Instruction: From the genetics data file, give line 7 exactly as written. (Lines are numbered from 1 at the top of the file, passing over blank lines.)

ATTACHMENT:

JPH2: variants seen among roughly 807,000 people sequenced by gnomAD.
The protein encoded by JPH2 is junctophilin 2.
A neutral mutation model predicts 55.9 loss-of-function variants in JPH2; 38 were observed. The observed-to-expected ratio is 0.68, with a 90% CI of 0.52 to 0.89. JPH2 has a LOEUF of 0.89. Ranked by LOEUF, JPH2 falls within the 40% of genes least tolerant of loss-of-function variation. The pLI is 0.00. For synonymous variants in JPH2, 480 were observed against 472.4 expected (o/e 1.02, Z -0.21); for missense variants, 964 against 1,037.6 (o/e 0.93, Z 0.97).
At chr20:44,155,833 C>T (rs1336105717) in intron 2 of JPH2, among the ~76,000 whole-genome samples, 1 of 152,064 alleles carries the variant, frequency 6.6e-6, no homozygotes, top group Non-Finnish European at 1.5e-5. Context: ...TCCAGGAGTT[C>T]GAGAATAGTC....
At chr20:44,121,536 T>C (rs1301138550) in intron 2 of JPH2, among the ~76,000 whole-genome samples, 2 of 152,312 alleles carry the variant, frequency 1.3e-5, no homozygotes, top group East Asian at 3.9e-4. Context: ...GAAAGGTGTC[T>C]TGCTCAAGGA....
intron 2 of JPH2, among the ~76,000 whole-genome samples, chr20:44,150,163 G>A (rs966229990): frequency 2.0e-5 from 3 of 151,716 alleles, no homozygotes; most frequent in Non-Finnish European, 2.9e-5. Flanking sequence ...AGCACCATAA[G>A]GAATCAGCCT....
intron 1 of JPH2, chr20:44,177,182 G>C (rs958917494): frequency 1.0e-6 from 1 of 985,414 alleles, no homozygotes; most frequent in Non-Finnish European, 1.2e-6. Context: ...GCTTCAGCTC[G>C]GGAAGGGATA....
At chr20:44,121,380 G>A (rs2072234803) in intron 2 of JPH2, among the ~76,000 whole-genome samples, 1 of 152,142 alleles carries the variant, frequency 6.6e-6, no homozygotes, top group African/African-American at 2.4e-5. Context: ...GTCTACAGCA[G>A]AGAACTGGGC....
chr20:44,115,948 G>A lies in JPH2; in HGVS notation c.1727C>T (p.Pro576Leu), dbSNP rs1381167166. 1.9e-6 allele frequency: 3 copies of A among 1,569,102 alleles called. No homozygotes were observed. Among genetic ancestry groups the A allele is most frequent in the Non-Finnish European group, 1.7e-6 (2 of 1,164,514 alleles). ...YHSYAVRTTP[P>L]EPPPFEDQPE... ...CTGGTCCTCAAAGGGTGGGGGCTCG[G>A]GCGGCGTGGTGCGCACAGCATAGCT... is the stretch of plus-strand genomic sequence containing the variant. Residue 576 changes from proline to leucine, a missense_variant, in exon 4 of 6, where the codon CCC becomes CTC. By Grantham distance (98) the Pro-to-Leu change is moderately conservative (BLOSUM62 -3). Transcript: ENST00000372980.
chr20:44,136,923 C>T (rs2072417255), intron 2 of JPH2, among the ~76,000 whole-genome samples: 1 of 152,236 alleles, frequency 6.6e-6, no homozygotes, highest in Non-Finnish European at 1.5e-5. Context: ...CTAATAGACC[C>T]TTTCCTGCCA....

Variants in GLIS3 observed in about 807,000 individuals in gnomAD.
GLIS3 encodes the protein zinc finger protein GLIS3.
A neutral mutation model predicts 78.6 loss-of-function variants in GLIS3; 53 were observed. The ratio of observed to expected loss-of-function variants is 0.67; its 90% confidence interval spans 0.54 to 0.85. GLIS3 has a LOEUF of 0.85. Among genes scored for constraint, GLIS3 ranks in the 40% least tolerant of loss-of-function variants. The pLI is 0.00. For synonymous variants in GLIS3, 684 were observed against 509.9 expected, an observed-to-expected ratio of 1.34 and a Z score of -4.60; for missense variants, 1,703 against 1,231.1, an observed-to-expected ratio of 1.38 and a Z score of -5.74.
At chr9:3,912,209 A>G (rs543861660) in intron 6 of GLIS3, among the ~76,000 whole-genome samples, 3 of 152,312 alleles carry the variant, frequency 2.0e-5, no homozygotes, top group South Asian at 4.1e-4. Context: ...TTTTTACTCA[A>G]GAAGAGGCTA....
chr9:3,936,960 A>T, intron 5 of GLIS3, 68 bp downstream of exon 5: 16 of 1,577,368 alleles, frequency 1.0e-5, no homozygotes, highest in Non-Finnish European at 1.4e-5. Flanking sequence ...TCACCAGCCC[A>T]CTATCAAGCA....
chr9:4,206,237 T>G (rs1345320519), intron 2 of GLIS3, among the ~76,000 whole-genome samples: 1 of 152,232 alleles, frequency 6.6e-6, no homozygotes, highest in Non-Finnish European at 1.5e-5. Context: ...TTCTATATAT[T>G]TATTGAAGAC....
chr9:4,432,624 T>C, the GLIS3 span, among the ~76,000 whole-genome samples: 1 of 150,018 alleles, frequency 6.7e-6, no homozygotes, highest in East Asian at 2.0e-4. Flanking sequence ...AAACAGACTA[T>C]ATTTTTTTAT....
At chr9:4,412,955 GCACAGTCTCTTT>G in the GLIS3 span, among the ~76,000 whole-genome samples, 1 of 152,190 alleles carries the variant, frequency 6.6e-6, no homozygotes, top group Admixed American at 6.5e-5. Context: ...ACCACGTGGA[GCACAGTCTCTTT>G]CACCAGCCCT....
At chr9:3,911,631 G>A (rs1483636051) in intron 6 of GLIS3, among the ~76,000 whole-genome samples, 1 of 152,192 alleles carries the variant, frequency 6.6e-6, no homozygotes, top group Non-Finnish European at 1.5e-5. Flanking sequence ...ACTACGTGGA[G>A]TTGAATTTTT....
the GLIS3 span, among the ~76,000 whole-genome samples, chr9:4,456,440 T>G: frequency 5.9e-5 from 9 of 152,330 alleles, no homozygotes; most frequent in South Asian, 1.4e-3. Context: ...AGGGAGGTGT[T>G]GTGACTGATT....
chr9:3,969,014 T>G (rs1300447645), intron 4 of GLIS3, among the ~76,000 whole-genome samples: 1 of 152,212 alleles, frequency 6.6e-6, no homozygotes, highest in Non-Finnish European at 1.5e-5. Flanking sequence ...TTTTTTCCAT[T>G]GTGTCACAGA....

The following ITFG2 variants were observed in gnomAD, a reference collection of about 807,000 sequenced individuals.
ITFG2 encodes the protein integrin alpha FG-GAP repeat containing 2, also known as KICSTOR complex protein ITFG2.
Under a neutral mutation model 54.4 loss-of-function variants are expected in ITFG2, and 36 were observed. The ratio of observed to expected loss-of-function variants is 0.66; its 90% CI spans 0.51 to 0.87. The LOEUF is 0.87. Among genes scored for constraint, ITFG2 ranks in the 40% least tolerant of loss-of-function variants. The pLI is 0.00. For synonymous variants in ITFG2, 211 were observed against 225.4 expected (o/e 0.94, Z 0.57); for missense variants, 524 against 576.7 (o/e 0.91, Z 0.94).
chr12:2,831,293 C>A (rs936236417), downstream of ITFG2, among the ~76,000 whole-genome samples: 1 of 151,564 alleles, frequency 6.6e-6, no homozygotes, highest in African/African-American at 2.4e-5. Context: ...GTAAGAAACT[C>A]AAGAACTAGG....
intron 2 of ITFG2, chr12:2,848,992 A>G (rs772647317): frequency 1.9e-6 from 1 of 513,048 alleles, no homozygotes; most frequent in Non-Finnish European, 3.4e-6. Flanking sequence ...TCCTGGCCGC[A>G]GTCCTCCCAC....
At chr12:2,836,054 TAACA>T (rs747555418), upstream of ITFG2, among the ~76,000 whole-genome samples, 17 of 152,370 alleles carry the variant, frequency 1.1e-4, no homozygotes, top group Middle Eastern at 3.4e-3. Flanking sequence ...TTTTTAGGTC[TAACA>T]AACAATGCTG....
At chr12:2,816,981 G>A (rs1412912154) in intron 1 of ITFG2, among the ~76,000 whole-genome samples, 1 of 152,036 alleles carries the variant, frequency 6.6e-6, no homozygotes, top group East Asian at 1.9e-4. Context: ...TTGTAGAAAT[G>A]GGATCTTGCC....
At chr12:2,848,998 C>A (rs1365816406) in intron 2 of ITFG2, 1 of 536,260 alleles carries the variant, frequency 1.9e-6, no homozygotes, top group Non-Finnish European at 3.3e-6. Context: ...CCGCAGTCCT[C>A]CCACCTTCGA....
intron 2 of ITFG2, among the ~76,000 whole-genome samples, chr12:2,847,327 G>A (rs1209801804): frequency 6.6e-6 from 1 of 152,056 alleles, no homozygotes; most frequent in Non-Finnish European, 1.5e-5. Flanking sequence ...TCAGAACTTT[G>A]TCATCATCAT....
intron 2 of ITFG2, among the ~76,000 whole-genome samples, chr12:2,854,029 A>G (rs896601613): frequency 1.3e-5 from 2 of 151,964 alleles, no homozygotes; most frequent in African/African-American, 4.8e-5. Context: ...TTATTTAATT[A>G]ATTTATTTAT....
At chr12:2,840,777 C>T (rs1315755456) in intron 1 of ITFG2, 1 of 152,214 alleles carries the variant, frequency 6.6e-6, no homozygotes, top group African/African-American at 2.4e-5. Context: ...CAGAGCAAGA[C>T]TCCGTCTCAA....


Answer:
intron 1 of JPH2, chr20:44,177,182 G>C (rs958917494): frequency 1.0e-6 from 1 of 985,414 alleles, no homozygotes; most frequent in Non-Finnish European, 1.2e-6. Context: ...GCTTCAGCTC[G>C]GGAAGGGATA....